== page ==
In a judgment that will be of interest to all practitioners involved in licensing appeals, the High Court has dismissed a nightclub’s judicial review. Gary Grant reports.
In Essence Bars (London) Ltd v Wimbledon Magistrates Court and Royal Borough of Kingston upon Thames  EWHC 4334 (Admin) the High Court upheld the earlier decision of District Judge Henderson that he had no jurisdiction to hear the nightclub’s appeal against the revocation of its premises licence in the magistrates’ court. The decision followed a fully-argued and expedited “rolled-up” permission hearing.
The unusual circumstances of this case centred on the mis-identification of the Premises Licence Holder in the Complaint that instigated the statutory appeal to the magistrates’ court. The Complainant was stated to be “FL Trading Ltd” (“FL”). The narrative of the Complaint went on, wrongly, to indicate that the Complainant was “the premises licence holder”.
The actual premises licence holder was in fact an associated, but legally distinct, company named “Essence Bars (London) Ltd” (“Essence”). But they had not appealed within the 21-day statutory time limit for doing so. The Royal Borough of Kingston argued that the only power open to a magistrates’ court to amend a Complaint was contained in section 123 of the Magistrates’ Courts Act 1980 (“defects in process”), but that section had been construed narrowly in a succession of binding rulings in criminal cases. These cases established that a separate and distinct legal entity could not be substituted in summary proceedings after the expiry of the relevant time limit for instigating those proceedings. The High Court accepted the council’s submissions that those legal principles must also apply to licensing appeals in the magistrates’ court.
The council argued that there was a public interest in decisions of licensing authorities made in order to promote the licensing objectives having effect as soon as possible. The right to instigate an appeal to the magistrates’ court (which usually suspends the final decision of the licensing authority from coming into effect) was limited by the Licensing Act 2003 to specific identified persons or entities and had to be lodged within 21 days. Those were simple requirements for an appellant to meet and should be strictly construed.
In the conclusion to his judgment Mr Justice Wilkie held:
“47. In my judgment, an appeal pursuant to Schedule 5 has to be brought by way of a complaint by a legal person. That legal person, however, has to have standing to bring the appeal as identified in paragraph 8A(2) a, b and c of Schedule 5. One of those characteristics, giving standing, is that the Appellant is the holder of the premises’ licence.
48. The notice of appeal reflects this scheme. It states that the complainant is the premises licence holder and intends to appeal. However the complainant is said to be FL, which is a separate legal person to the Claimant.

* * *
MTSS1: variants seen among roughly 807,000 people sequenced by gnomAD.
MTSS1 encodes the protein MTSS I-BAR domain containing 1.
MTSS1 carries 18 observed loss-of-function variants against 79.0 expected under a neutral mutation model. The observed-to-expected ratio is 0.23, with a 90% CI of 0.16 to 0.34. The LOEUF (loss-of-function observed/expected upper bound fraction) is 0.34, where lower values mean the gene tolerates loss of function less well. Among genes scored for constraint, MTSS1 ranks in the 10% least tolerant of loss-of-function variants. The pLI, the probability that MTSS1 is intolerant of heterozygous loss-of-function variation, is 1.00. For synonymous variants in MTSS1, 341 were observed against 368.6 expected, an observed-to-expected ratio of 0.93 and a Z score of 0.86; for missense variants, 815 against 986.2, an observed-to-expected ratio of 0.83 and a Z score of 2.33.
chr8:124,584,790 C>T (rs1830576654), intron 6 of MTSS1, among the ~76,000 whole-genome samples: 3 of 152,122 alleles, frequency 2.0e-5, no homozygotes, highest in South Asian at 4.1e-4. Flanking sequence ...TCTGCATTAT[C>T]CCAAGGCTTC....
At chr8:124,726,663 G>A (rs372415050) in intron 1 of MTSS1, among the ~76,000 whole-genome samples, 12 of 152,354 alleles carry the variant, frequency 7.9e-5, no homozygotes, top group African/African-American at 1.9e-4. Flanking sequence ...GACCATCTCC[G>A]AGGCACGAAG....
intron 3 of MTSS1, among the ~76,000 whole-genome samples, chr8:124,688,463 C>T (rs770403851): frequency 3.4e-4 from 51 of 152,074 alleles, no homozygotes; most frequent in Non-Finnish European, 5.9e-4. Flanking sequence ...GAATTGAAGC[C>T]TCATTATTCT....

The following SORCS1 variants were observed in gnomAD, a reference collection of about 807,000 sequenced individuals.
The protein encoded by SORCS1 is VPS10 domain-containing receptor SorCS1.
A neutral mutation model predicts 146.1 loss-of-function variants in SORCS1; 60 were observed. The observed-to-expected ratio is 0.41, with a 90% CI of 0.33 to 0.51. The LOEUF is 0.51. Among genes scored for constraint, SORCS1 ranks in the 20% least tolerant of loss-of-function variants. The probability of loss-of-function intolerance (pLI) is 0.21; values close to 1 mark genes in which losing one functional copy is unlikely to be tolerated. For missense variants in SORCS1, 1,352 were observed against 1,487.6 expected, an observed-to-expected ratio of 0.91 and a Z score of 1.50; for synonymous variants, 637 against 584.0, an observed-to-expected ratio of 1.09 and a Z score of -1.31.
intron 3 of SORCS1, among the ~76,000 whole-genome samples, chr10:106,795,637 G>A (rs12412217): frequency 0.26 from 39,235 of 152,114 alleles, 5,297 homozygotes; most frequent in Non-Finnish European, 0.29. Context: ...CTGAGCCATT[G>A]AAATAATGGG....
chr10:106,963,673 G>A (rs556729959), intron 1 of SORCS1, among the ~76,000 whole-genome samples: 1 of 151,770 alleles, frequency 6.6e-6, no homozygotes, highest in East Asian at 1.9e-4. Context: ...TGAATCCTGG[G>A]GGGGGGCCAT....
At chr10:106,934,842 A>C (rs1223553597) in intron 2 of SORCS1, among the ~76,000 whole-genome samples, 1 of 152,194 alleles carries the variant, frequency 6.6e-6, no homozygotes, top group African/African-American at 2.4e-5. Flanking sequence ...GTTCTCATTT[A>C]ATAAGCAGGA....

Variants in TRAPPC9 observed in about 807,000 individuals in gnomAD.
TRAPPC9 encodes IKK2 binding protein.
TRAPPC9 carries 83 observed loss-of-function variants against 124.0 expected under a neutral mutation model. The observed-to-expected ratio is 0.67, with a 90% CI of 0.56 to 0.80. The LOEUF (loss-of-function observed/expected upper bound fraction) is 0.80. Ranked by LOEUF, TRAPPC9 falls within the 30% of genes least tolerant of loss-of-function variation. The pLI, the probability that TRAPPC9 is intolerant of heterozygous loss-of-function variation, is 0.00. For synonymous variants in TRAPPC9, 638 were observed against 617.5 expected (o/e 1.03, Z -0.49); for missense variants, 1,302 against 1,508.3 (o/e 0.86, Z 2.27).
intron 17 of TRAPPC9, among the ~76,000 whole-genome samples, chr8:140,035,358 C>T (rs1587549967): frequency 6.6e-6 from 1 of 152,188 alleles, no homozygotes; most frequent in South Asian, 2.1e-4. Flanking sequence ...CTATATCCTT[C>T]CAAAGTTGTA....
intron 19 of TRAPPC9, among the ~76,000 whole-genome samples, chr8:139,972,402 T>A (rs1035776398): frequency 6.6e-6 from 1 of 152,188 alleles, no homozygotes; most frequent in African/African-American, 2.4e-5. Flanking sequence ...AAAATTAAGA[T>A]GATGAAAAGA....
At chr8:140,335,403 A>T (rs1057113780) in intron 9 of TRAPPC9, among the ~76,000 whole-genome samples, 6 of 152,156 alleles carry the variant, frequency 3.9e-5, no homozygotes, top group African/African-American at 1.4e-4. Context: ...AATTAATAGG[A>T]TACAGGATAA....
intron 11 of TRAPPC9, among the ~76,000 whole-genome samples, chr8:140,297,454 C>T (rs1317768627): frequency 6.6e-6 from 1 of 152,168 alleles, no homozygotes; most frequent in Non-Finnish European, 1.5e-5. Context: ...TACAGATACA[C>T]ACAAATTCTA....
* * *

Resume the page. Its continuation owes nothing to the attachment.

49. As the notice of appeal stood on 3rd November 2014, a legal person, FL, was “before the court” in the sense that it was the party intending to appeal, but had no standing to do so. The appeal, accordingly, was fundamentally flawed. The court had no jurisdiction to entertain an appeal against the decision sought to be appealed brought by the legal person which was “before the court”, in that sense, having given notice of intending to bring it.
50. At that stage, the only legal person “before the court” in that sense was FL. The only way that the Claimant, which satisfied the requirement giving standing to bring the appeal, of being the premises licence holder, could be “before the court”, to bring the appeal, was for the notice of appeal to be amended to substitute one legal entity, FL, with another, the Claimant. That would have amounted to a new Appellant being permitted to bring an appeal at a time when the strict time limit of 21 days for bringing such an appeal had expired.
51. In my judgment, the Claimant is wrong when it contends that the premises licence holder, the Claimant, was “before the court” as a valid Appellant, but had been misnamed as FL. Of course, naming FL as the complainant was an error. But FL is an existing legal personality, separate from the Claimant and, in my judgment, was mistakenly identified, by the solicitor, as the complainant because the solicitor did not realise that the premises licence holder was the claimant and not FL. In my judgment that cannot be construed as the Claimant always having been the Appellant, but misnamed as such. Rather, it was a misidentification of the person entitled to appeal. This resulted in the Appellant, or complainant, being identified as FL.
52. In my judgment, this court is bound by the three s.123 authorities to conclude that the DJMC was correct to conclude that he had no jurisdiction to hear the appeal brought by FL, because it was not the premises licence holder and had no standing. He was also bound to refuse to permit the notice of appeal to be amended to permit a different legal personality, the Claimant, to bring the appeal when the time for it to have done so had expired.
53. I refuse the Claimant permission to bring this judicial review.”
Mr Justice Wilkie, refused the Claimant permission to appeal further and ordered the Claimant to pay the council’s costs in full. The Claimant has indicated an intention to apply directly to the Court of Appeal for permission to appeal.